My lovely Twitter followers voted for me to release an excerpt of a WIP for the next piece in the Twitter Series, so here are the first 703 words of my unfinished short story, ‘Projection’. I’ll talk about what inspired it in the rationale next week, but for now, happy reading, and thanks for following!
* * *
There’s a tiny man trapped inside the window of my English class, and he won’t leave me alone. He loves to antagonise me. He talks to me everyday, but I never respond. Even though he’s not much bigger than a safety pin, I can hear his voice loud and clear. I’m pretty sure I’m the only one who can hear him, though. If the rest of the class can, they don’t pay him any mind.
On a good day, he’ll stop pestering me after a few minutes and go away. But today is not a good day.
I’m trying so hard to ignore him that I don’t realise I’m glowering at my professor. She catches my gaze and concern flashes across her face for a moment. Before she has the chance to ask what’s wrong, I soften my expression and quickly glance back down at my notes.
“Pssssst.” More urgent this time.
I cut him a glare.
“Hey you!” he shouts. “I’m talking to you! I know you can hear me!”
I attempt to concentrate on what my professor is saying, but I’m focusing so hard on listening that I miss every word.
“Why even bother pretending to pay attention anymore?” He lets out a hearty laugh, shaking his little pin head before resuming a serious tone. “Ya know, other than the fact that you paid all this money to be at this prestigious university, only to piss your days away sitting in a desk half-listening to some stuffy lady drone on about shit that doesn’t matter.”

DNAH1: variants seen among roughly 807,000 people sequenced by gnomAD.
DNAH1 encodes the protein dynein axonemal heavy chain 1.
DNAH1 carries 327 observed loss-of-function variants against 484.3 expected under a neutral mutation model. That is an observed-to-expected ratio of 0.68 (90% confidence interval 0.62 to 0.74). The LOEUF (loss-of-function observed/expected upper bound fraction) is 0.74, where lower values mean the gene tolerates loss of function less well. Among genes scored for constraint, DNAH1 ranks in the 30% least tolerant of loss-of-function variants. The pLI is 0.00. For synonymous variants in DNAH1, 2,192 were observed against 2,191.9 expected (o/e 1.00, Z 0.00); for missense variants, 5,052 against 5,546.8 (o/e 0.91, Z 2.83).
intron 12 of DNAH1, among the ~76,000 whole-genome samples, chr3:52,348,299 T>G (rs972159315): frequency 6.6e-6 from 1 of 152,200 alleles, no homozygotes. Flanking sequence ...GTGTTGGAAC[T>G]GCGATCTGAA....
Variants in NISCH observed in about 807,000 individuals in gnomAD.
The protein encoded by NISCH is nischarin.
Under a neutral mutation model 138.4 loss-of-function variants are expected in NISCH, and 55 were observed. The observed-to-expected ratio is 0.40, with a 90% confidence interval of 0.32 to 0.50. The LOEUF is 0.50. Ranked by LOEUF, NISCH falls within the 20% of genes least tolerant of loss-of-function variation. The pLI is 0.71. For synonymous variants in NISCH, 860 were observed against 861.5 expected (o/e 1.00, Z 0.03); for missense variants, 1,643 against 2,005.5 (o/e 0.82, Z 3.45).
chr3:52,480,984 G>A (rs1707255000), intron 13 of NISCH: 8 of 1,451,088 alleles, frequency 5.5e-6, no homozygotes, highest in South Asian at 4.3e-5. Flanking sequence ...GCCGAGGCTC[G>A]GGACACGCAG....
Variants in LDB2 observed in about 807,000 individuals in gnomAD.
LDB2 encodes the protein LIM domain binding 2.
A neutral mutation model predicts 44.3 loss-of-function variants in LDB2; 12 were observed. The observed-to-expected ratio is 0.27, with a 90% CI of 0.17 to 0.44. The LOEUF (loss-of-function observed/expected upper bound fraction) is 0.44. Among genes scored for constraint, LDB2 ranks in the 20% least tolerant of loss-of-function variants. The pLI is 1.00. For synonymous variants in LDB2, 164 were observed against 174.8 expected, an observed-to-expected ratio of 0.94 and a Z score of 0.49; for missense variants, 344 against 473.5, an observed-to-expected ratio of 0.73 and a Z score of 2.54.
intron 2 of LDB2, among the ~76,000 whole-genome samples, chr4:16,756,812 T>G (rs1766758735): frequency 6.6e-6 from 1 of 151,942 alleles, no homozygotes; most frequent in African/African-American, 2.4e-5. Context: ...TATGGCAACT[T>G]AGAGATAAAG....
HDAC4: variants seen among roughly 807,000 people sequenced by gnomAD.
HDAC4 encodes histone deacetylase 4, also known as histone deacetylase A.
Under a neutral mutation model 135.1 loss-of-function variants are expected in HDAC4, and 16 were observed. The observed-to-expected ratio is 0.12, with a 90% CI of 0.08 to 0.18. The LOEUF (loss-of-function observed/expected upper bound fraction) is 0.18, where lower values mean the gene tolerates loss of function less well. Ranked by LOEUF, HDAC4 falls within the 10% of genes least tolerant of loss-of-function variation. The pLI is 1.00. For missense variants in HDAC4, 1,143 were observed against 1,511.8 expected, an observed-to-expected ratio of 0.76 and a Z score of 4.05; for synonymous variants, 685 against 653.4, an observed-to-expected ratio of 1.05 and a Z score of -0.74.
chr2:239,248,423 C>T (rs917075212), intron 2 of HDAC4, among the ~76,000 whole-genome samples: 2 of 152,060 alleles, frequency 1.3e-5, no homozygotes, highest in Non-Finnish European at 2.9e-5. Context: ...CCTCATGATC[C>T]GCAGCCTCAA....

Goddamnit. I wish I could turn my hearing off somehow.
“Got your attention now, huh?” He chuckles in amusement. Somehow, he jumps out of the window pane and onto my desk. I steal a panicked glance around the class – no one has batted an eyelash. I must be crazy. There’s no way this can be real.
“Oh, but it’s very real!” the little man exclaims. “And as for the crazy thing, yeah, you’re definitely crazy. I mean, who would waste fifteen years sitting in a desk just like this one, cramming useless information into their head and spitting it back out when someone else told them to? And for what? What was your reward for all that time?” He paused, apparently expecting me to answer. He didn’t seem all that shocked that I stayed silent. “A fancy sheet of paper. An imagined reality.”
I freeze, not wanting to accept what seems like a silly musing as truth.
“I know, honey,” he says in mock sympathy. “I know you’re upset because you so desperately want there to be a meaning to life. Here’s the truth; there isn’t one, and you’re just going to have to accept that. But here’s the bright side: soon, you’ll have a fancy sheet of paper that says you’re qualified to earn more sheets of paper than someone who doesn’t have that fancy sheet of paper.”
I bite my tongue, fighting the urge to demand to know why he’s torturing me.
But when I glace over at the window, he’s vanished.
* * *
The university keeps the doors to all the main buildings unlocked until ten so that students can use the space to study and work. Most everyone goes home after six.
I trudge into the deserted English department around eight and swiftly make my way to my English class. My heart flitters in my chest, quick as a hummingbird’s wings. Adrenaline surges through me, fuelling the way.
I stop just outside the door and jiggle the knob. It’s open. I step inside, clicking the door closed quietly behind me and flicking on the light.
There he is, leaning up against the frame of the window as if he never left. Maybe my eyes are playing tricks on me, but he’s gotten a little bigger.
“Will you please tell me why you insist on driving me mad day after day?”
A knowing smile spreads across his face. “I’ll do ya one better; I’ll show you.”